"I am it."
When those in my modest circle of acquaintances learned that I was editing a Hollywood issue of The Nation, they found it either risible or irritating.
As the limos and their glitterati cargo pull up to the Oscars ceremony this year, they may have to share a bit of screen time with a band of angry picketers.
The contracts are signed, the treatment is being written and Fox Television plans to fast-track production on a ten- to twelve-hour miniseries based on lefty historian Howard Zinn's A People's
It's true--and a cliché--that Hollywood films hold up a mirror to American society. It's equally true--and equally a cliché--that Hollywood films fail to reflect American society.
The Nation asked six politically active members of the entertainment community to comment on recent developments in the realms of politics and popular culture.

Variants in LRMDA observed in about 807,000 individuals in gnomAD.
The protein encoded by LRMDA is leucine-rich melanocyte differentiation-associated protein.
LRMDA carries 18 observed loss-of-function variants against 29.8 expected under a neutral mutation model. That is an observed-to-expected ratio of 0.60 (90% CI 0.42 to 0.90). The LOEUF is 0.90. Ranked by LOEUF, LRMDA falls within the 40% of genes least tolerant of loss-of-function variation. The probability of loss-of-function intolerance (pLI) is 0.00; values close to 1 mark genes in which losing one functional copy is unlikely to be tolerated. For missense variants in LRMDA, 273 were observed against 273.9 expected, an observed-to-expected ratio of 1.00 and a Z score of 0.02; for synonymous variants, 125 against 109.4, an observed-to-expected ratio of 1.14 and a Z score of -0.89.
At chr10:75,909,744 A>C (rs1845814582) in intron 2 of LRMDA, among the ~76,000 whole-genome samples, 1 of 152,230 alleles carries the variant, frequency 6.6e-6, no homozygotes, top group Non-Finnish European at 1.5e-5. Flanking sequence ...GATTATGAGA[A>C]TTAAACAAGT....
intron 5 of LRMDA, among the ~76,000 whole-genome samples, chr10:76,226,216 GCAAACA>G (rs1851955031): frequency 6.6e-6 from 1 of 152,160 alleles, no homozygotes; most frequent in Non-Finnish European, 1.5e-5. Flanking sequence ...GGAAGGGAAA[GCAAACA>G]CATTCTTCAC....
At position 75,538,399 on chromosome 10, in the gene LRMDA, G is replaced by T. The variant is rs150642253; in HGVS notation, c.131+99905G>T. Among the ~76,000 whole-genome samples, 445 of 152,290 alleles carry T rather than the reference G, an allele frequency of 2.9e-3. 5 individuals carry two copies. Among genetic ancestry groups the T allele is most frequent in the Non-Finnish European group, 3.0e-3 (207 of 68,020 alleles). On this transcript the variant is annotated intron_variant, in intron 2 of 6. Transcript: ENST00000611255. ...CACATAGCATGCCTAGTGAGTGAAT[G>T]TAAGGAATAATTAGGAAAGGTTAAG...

In the run-up to Sunday's Oscar ceremony the focus was on Elia Kazan and whether the Motion Picture Academy was doing the right thing by honoring him with a Lifetime Achievement Award (see page 5
On January 11 Joseph Ha, a Nike vice president, sent what he thought was a confidential letter to Cu Thi Hau, Vietnam's highest-ranking labor official.
Elizabeth Dole is all perfection.
She shoots one take, without exception.
She drives her staff so no step's spared
To get an ad-libbed speech prepared.
My friend Dennis Paoli says there are two kinds of horror movies, and since his screenwriting credits include Re-Animator, I treat his categories with respect.
The inevitable controversy--presenting name-naming film director Elia Kazan with a Lifetime Achievement Award--has unfolded like an accident waiting to happen, aggravating the Academy of Motion
Given the late Dalton Trumbo's various claims to verbal fame--highest-paid screenwriter of his day, most vocal member of the Hollywood Ten, polemicist extraordinaire, winner under the pseudon
Dalton Trumbo and Murray Kempton